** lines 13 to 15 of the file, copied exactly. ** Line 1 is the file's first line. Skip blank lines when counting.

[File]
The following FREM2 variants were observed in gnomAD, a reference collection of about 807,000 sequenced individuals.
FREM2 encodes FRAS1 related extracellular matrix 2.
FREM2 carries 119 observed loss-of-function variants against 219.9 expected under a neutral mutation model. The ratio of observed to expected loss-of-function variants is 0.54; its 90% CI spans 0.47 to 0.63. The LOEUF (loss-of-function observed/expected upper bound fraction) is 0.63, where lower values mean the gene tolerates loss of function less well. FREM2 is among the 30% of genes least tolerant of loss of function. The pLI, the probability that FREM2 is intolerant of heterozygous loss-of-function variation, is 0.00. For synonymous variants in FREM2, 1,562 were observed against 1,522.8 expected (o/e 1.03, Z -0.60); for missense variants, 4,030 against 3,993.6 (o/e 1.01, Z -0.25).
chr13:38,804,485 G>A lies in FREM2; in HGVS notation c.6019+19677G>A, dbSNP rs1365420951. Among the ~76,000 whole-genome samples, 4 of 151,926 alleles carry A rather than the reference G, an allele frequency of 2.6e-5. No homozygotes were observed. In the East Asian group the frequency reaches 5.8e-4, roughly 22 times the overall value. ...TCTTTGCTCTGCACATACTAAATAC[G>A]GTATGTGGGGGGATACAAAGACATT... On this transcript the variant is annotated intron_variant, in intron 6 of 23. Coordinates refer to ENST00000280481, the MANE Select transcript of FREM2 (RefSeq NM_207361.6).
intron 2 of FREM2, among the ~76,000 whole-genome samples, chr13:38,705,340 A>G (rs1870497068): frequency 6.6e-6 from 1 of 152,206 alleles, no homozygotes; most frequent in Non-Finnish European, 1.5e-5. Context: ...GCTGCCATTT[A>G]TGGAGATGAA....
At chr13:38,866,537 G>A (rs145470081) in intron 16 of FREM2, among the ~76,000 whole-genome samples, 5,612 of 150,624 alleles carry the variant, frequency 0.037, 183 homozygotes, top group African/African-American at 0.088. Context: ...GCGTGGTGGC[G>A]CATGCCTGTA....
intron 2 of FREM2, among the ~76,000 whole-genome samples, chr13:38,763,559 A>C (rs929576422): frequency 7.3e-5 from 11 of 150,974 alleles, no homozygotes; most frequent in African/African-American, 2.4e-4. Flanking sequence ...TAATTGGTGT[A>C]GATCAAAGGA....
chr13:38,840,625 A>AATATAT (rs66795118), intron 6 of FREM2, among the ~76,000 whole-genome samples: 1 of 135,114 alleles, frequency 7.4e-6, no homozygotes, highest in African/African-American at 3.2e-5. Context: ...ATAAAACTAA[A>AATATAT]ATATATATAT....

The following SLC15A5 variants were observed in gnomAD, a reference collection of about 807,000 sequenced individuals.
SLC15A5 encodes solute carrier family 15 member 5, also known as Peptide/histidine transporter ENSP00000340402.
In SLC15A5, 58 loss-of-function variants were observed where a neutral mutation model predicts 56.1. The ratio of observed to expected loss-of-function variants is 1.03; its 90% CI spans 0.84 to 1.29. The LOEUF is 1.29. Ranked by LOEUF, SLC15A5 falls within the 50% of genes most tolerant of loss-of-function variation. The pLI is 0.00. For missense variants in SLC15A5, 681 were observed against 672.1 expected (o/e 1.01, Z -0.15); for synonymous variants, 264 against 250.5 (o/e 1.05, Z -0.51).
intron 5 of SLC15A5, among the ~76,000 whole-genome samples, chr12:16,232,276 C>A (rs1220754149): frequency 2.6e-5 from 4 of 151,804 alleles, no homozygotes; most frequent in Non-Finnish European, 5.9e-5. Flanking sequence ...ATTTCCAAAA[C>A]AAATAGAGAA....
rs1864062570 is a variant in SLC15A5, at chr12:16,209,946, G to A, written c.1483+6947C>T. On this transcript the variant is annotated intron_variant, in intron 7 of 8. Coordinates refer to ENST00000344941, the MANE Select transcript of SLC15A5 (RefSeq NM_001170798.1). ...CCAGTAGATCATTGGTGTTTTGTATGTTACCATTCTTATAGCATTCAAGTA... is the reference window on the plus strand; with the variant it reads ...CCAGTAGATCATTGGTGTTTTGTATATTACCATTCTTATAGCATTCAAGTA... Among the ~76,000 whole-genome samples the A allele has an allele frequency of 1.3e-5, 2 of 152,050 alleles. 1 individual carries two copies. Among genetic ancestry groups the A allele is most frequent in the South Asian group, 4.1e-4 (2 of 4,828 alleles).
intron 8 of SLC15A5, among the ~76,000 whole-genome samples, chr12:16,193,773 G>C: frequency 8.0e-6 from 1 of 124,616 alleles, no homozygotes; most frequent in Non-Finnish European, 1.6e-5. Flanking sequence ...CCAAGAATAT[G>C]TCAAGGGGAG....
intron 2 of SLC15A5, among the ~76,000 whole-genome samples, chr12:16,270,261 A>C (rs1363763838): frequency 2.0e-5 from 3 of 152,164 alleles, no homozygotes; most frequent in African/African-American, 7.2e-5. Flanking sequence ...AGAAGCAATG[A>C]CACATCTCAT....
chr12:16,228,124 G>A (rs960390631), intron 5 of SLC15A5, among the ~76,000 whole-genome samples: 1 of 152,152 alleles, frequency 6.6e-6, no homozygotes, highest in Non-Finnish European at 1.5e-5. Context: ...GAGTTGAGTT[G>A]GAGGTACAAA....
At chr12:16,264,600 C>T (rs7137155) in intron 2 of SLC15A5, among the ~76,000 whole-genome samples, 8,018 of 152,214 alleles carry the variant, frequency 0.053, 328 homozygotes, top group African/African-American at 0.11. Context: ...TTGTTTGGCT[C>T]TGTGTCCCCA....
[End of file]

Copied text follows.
rs1864062570 is a variant in SLC15A5, at chr12:16,209,946, G to A, written c.1483+6947C>T. On this transcript the variant is annotated intron_variant, in intron 7 of 8. Coordinates refer to ENST00000344941, the MANE Select transcript of SLC15A5 (RefSeq NM_001170798.1). ...CCAGTAGATCATTGGTGTTTTGTATGTTACCATTCTTATAGCATTCAAGTA... is the reference window on the plus strand; with the variant it reads ...CCAGTAGATCATTGGTGTTTTGTATATTACCATTCTTATAGCATTCAAGTA... Among the ~76,000 whole-genome samples the A allele has an allele frequency of 1.3e-5, 2 of 152,050 alleles. 1 individual carries two copies. Among genetic ancestry groups the A allele is most frequent in the South Asian group, 4.1e-4 (2 of 4,828 alleles).
intron 8 of SLC15A5, among the ~76,000 whole-genome samples, chr12:16,193,773 G>C: frequency 8.0e-6 from 1 of 124,616 alleles, no homozygotes; most frequent in Non-Finnish European, 1.6e-5. Flanking sequence ...CCAAGAATAT[G>C]TCAAGGGGAG....
intron 2 of SLC15A5, among the ~76,000 whole-genome samples, chr12:16,270,261 A>C (rs1363763838): frequency 2.0e-5 from 3 of 152,164 alleles, no homozygotes; most frequent in African/African-American, 7.2e-5. Flanking sequence ...AGAAGCAATG[A>C]CACATCTCAT....